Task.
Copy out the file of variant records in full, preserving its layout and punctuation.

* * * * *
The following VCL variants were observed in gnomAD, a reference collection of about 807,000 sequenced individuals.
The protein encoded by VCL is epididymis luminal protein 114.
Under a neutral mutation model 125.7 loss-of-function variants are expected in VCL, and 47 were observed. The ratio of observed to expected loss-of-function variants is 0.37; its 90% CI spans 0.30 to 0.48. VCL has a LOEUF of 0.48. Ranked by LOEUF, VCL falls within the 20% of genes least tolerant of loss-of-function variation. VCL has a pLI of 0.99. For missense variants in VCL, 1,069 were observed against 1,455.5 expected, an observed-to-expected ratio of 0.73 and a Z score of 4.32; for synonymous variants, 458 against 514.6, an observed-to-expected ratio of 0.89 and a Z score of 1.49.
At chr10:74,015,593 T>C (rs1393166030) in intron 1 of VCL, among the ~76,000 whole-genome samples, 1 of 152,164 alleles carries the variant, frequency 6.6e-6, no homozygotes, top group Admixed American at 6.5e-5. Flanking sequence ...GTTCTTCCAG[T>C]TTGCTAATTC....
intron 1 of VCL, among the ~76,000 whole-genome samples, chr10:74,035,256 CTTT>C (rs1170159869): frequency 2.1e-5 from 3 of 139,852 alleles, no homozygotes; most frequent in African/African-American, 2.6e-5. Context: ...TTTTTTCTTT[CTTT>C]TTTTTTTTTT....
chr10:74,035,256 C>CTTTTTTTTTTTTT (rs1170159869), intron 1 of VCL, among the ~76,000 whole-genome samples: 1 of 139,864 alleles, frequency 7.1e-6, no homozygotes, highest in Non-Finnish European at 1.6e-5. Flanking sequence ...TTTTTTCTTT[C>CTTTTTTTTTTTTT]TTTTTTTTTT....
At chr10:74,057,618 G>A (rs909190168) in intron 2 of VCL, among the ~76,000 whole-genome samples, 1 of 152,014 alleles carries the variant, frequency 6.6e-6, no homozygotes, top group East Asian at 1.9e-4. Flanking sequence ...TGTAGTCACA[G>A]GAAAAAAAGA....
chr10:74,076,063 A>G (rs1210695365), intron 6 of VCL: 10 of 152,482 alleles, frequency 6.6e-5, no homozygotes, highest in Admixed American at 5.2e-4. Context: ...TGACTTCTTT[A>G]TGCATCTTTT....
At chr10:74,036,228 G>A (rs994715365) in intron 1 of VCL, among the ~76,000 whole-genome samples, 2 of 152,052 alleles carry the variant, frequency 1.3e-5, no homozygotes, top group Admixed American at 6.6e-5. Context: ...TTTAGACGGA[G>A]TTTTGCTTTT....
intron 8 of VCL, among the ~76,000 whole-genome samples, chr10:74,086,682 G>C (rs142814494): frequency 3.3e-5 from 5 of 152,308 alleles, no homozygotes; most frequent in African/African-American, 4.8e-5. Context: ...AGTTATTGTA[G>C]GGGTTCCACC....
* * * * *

The following VCL variants were observed in gnomAD, a reference collection of about 807,000 sequenced individuals.
The protein encoded by VCL is epididymis luminal protein 114.
Under a neutral mutation model 125.7 loss-of-function variants are expected in VCL, and 47 were observed. The ratio of observed to expected loss-of-function variants is 0.37; its 90% CI spans 0.30 to 0.48. VCL has a LOEUF of 0.48. Ranked by LOEUF, VCL falls within the 20% of genes least tolerant of loss-of-function variation. VCL has a pLI of 0.99. For missense variants in VCL, 1,069 were observed against 1,455.5 expected, an observed-to-expected ratio of 0.73 and a Z score of 4.32; for synonymous variants, 458 against 514.6, an observed-to-expected ratio of 0.89 and a Z score of 1.49.
At chr10:74,015,593 T>C (rs1393166030) in intron 1 of VCL, among the ~76,000 whole-genome samples, 1 of 152,164 alleles carries the variant, frequency 6.6e-6, no homozygotes, top group Admixed American at 6.5e-5. Flanking sequence ...GTTCTTCCAG[T>C]TTGCTAATTC....
intron 1 of VCL, among the ~76,000 whole-genome samples, chr10:74,035,256 CTTT>C (rs1170159869): frequency 2.1e-5 from 3 of 139,852 alleles, no homozygotes; most frequent in African/African-American, 2.6e-5. Context: ...TTTTTTCTTT[CTTT>C]TTTTTTTTTT....
chr10:74,035,256 C>CTTTTTTTTTTTTT (rs1170159869), intron 1 of VCL, among the ~76,000 whole-genome samples: 1 of 139,864 alleles, frequency 7.1e-6, no homozygotes, highest in Non-Finnish European at 1.6e-5. Flanking sequence ...TTTTTTCTTT[C>CTTTTTTTTTTTTT]TTTTTTTTTT....
At chr10:74,057,618 G>A (rs909190168) in intron 2 of VCL, among the ~76,000 whole-genome samples, 1 of 152,014 alleles carries the variant, frequency 6.6e-6, no homozygotes, top group East Asian at 1.9e-4. Flanking sequence ...TGTAGTCACA[G>A]GAAAAAAAGA....
chr10:74,076,063 A>G (rs1210695365), intron 6 of VCL: 10 of 152,482 alleles, frequency 6.6e-5, no homozygotes, highest in Admixed American at 5.2e-4. Context: ...TGACTTCTTT[A>G]TGCATCTTTT....
At chr10:74,036,228 G>A (rs994715365) in intron 1 of VCL, among the ~76,000 whole-genome samples, 2 of 152,052 alleles carry the variant, frequency 1.3e-5, no homozygotes, top group Admixed American at 6.6e-5. Context: ...TTTAGACGGA[G>A]TTTTGCTTTT....
intron 8 of VCL, among the ~76,000 whole-genome samples, chr10:74,086,682 G>C (rs142814494): frequency 3.3e-5 from 5 of 152,308 alleles, no homozygotes; most frequent in African/African-American, 4.8e-5. Context: ...AGTTATTGTA[G>C]GGGTTCCACC....